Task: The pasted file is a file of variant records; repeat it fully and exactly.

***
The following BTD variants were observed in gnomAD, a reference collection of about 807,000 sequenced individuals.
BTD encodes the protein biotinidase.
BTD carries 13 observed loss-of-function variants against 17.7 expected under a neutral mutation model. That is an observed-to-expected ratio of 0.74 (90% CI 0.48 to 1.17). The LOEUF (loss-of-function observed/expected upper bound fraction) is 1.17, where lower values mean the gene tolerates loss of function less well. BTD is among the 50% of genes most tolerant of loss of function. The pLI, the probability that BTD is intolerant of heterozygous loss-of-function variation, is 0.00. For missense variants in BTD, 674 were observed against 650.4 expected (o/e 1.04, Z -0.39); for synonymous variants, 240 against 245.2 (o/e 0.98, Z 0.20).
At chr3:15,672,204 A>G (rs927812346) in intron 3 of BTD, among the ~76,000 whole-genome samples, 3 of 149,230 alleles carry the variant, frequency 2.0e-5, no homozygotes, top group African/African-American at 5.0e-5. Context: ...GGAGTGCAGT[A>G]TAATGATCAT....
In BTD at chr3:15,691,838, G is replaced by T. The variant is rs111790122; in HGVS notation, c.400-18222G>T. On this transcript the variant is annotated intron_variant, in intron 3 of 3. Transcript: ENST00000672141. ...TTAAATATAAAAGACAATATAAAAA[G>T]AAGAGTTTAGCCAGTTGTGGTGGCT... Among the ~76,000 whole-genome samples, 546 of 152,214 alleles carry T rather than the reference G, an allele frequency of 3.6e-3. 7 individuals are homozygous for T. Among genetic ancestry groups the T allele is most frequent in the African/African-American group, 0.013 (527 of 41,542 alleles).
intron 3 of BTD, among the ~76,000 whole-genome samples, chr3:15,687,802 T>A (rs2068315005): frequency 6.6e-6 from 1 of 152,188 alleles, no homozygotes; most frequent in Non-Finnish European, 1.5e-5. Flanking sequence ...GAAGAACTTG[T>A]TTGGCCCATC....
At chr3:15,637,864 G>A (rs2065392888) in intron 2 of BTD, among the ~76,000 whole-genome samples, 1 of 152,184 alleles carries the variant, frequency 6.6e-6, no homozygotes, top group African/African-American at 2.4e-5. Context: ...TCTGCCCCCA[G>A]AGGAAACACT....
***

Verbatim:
The following BTD variants were observed in gnomAD, a reference collection of about 807,000 sequenced individuals.
BTD encodes the protein biotinidase.
BTD carries 13 observed loss-of-function variants against 17.7 expected under a neutral mutation model. That is an observed-to-expected ratio of 0.74 (90% CI 0.48 to 1.17). The LOEUF (loss-of-function observed/expected upper bound fraction) is 1.17, where lower values mean the gene tolerates loss of function less well. BTD is among the 50% of genes most tolerant of loss of function. The pLI, the probability that BTD is intolerant of heterozygous loss-of-function variation, is 0.00. For missense variants in BTD, 674 were observed against 650.4 expected (o/e 1.04, Z -0.39); for synonymous variants, 240 against 245.2 (o/e 0.98, Z 0.20).
At chr3:15,672,204 A>G (rs927812346) in intron 3 of BTD, among the ~76,000 whole-genome samples, 3 of 149,230 alleles carry the variant, frequency 2.0e-5, no homozygotes, top group African/African-American at 5.0e-5. Context: ...GGAGTGCAGT[A>G]TAATGATCAT....
In BTD at chr3:15,691,838, G is replaced by T. The variant is rs111790122; in HGVS notation, c.400-18222G>T. On this transcript the variant is annotated intron_variant, in intron 3 of 3. Transcript: ENST00000672141. ...TTAAATATAAAAGACAATATAAAAA[G>T]AAGAGTTTAGCCAGTTGTGGTGGCT... Among the ~76,000 whole-genome samples, 546 of 152,214 alleles carry T rather than the reference G, an allele frequency of 3.6e-3. 7 individuals are homozygous for T. Among genetic ancestry groups the T allele is most frequent in the African/African-American group, 0.013 (527 of 41,542 alleles).
intron 3 of BTD, among the ~76,000 whole-genome samples, chr3:15,687,802 T>A (rs2068315005): frequency 6.6e-6 from 1 of 152,188 alleles, no homozygotes; most frequent in Non-Finnish European, 1.5e-5. Flanking sequence ...GAAGAACTTG[T>A]TTGGCCCATC....
At chr3:15,637,864 G>A (rs2065392888) in intron 2 of BTD, among the ~76,000 whole-genome samples, 1 of 152,184 alleles carries the variant, frequency 6.6e-6, no homozygotes, top group African/African-American at 2.4e-5. Context: ...TCTGCCCCCA[G>A]AGGAAACACT....